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Driving down health care costs: Independent pharmacies, patients and lawmakers take steps to rein in PBMs

A growing chorus of pharmacists, patients and lawmakers claim PBMs seek to maximize their own profits rather than drive down health care costs.


Even as prescription drug costs have skyrocketed in recent years, Hart Pharmacy in Cincinnati is getting less money per prescription, costing the pharmacy tens of thousands of dollars each year. Third-generation pharmacist and owner Sarah Priestly said costs associated with PBMs forced her to cut back hours for her staff of 16.


“For now, we’re OK, but we’re making harder decisions than we’ve ever had to,” Priestly said.

Pharmacy benefit managers, or PBMs, are companies that control access to prescription drugs by negotiating drug prices with drugmakers and deciding how much insurers pay pharmacies for medicines and services.


PBMs have become an integral but poorly understood component of the American health care system.


What You Need To Know 

  • Pharmacy benefit managers, or PBMs, play a large role in the American health care system

  • A growing chorus of pharmacists, patients and lawmakers claim PBMs seek to maximize their own profits rather than drive down health care costs

  • Congress and the Ohio Attorney General are taking measures to enact stricter PBM regulations


They were designed to bring down health care costs. Drugmakers want their drugs listed on PBMs’ formularies, which determine which drugs are covered by insurance. Pharmacies want to be listed in-network, which gives them access to more patients. In exchange, both agree to offer discount on drug prices.


A growing chorus of pharmacists, patients and lawmakers claim PBMs instead seek to maximize their own profits.


Ohio Attorney General Dave Yost said he gets several calls a week from patients and independent pharmacists struggling due to PBM policies.


The heart of the issue, Yost said, was the market dominance of three major PBMs: CVS Caremark, Express Scripts and Optum. Together, the three hold 79% of market share.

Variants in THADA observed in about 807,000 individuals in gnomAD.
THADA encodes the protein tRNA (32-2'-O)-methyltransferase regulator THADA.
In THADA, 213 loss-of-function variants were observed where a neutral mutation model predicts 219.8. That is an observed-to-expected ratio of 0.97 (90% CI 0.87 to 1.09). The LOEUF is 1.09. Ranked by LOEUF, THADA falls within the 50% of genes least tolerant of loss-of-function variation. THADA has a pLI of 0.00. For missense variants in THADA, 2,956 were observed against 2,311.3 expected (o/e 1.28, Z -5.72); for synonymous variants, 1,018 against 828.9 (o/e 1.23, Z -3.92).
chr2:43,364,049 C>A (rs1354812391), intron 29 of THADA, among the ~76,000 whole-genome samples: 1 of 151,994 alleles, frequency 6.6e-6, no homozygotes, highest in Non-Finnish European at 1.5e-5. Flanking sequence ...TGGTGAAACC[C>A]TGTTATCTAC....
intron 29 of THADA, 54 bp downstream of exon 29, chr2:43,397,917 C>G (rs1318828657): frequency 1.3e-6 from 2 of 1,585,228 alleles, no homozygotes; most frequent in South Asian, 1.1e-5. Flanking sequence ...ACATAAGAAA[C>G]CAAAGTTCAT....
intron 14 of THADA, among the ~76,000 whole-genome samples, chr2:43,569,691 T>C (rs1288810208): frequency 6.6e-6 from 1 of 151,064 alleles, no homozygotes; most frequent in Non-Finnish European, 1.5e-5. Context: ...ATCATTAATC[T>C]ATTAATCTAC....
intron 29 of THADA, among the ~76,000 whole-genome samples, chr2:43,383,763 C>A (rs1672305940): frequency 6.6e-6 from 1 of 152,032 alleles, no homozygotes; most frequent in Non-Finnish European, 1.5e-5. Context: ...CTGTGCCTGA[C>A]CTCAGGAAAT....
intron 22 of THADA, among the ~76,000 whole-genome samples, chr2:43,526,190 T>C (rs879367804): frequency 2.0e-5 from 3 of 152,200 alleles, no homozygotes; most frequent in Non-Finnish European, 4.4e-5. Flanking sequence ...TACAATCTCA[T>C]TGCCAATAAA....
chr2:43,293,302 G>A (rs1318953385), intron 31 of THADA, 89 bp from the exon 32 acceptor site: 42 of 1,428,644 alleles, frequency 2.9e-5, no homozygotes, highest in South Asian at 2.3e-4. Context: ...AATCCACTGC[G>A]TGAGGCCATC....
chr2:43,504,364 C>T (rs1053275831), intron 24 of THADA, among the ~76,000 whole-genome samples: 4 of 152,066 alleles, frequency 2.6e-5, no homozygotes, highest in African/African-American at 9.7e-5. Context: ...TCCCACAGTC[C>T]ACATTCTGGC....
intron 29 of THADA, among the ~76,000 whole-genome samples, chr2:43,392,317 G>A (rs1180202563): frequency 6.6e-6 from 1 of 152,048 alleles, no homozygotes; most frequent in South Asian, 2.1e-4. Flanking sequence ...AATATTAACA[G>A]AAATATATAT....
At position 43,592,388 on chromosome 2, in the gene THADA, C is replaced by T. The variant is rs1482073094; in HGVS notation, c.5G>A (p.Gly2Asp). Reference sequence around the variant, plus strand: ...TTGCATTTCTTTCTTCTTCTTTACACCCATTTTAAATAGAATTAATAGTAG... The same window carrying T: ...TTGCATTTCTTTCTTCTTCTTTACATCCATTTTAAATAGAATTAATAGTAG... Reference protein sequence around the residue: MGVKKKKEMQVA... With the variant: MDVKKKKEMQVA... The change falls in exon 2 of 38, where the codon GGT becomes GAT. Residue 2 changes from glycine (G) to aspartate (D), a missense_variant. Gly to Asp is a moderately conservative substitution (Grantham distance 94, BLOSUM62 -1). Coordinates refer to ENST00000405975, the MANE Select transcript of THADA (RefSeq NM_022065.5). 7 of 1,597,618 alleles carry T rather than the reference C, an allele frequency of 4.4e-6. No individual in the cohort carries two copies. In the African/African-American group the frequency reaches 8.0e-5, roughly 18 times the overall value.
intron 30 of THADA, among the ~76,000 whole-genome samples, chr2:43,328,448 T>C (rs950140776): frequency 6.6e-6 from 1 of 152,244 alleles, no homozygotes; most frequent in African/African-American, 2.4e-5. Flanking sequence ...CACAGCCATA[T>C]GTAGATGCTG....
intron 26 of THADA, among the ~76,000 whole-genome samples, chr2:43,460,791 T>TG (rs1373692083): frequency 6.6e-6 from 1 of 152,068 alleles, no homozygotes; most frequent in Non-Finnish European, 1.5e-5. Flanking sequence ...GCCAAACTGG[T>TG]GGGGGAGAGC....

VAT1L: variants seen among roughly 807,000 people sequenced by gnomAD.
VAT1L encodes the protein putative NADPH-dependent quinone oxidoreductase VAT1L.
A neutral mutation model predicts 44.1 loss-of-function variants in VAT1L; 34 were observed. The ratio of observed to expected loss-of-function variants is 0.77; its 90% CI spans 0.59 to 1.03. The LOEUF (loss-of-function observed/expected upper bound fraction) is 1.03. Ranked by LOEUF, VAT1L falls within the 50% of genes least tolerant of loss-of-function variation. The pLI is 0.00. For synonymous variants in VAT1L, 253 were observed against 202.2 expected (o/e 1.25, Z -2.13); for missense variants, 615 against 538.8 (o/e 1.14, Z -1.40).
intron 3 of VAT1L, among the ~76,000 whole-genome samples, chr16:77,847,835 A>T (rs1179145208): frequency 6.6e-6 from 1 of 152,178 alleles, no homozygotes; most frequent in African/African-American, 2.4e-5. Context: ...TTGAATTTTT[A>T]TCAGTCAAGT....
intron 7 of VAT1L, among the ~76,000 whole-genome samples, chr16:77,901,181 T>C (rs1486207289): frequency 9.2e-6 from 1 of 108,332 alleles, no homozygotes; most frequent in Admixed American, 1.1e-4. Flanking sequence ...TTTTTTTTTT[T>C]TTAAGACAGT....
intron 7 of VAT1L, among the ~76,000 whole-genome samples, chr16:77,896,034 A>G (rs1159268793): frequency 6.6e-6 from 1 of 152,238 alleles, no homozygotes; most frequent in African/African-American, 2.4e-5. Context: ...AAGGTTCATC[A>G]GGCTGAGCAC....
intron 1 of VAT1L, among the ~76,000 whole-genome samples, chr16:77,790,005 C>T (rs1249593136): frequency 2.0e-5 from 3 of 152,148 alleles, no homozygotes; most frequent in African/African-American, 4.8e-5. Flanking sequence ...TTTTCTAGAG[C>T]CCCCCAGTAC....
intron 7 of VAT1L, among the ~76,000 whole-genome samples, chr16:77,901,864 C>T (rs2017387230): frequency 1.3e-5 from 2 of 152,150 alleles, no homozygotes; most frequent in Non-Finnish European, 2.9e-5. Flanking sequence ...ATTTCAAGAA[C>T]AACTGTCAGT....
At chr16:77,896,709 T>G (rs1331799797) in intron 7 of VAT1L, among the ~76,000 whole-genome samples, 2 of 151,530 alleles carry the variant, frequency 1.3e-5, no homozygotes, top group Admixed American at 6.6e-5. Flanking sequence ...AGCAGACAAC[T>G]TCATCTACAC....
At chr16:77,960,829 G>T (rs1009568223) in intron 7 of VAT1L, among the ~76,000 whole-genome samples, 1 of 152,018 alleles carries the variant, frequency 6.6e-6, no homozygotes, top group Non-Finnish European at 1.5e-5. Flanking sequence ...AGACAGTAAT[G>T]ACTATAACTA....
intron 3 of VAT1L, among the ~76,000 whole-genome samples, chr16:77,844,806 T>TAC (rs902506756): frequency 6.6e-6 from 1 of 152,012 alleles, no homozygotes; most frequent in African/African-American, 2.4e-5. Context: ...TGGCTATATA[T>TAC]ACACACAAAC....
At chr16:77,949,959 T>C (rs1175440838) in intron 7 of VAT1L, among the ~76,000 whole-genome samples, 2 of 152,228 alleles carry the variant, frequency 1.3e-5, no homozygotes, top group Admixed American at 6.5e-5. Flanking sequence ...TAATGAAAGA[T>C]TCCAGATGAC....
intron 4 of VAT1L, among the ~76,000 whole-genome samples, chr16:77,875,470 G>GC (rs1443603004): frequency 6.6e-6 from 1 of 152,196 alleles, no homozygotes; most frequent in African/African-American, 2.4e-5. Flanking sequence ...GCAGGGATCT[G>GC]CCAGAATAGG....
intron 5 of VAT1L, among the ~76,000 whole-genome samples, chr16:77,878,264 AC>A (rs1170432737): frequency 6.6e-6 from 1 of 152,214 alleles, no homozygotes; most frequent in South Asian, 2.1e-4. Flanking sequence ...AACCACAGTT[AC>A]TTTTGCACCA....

All three companies are linked to their own respective insurance company and retail  or online pharmacy.


Three major PBMs—CVS Caremark, Express Scripts and Optum—hold 79 percent of market share. All three companies are linked to their own respective insurance company and retail or online pharmacy.


This concentrated influence has allowed PBMs to increase their profits at the expense of patients and independent pharmacies, Yost alleged.


“It’s like an old river in an industrial city. Every year after year after decade after decade there’s more sediment, there’s gunk that went into the river that sinks down on the bottom. Pretty soon all you’ve got left is gunk and hardly any water. The only way to fix it is to dredge it out and start over. That’s where we are with our healthcare system when it comes to PBMs,” Yost said. “They are adding complications and burdens to the system that are adding no value and driving prices up.”


Yost filed a lawsuit in 2023 against seven PBMs, included Express Scripts, for allegedly price fixing prescription drugs via a Swiss company.


“In our lawsuit, we accuse them of sharing information overseas amongst themselves that is actually having an anti-competitive impact here in America,” Yost said.


The case is currently in legal limbo after the PBMs sought to move the case from state court to federal court, then get it dismissed. In January a U.S. District Court judge denied the motion to dismiss and moved the case back to state court. The defendants appealed the ruling to the U.S. Circuit Court of Appeals, where no hearing has yet been scheduled.

Yost soon tried another tactic to rein in what he calls the “nefarious tactics” of PBMs. On Feb. 20 he led a coalition of 39 attorneys general calling for stricter federal PBM regulations.


The letter urged Congress to act on several pieces of legislation that would require more transparency in PBM transactions, delink PBM fees from drug prices and ban PMBs from compensating certain pharmacies differently for the same drugs, among other measures.

Several of those measures cleared two Senate committees to be included in the 2024 federal budget appropriations bills, but disagreement between House and Senate Republicans on the scope of the measures led to them getting sidelined, likely until a lame duck session after the November elections.


Rep. Greg Landsman, D-Ohio, is working on a more modest bill that he believes can pass more quickly with bipartisan support. The Medicare PBM Accountability Act targets spread pricing, in which PBMs charge insurers a higher amount for a drug than is reimbursed to the pharmacy. The bill would require PBMs to disclose the profit they make on prescription drugs for seniors.


It requires the kind of transparency that anyone would expect,” Landsman said. “So that when you are buying and selling prescription drugs and you’re putting it on the market, are you getting kickbacks? Are you seeing savings and are you passing those on to shareholders as opposed to seniors? And if you are, we’ve got to put an end to it.”


PBMs are pushing back against stricter regulations. The industry group Pharmaceutical Care Management Association (PCMA) spent $15.4 million on lobbying last year.

Landsman said he was not deterred by industry pressure.


“The TV commercials get me even more determined to get this done because if you have that kind of money—millions and millions of dollars to spend on TV commercials—that means you could be passing on those savings,” Landsman said.


Express Scripts and Optum did not respond to a request for comment on allegations made in this story. CVS Caremark referred the request for comment to PCMA, which did not respond.


Reporter: HARRI LEIGH

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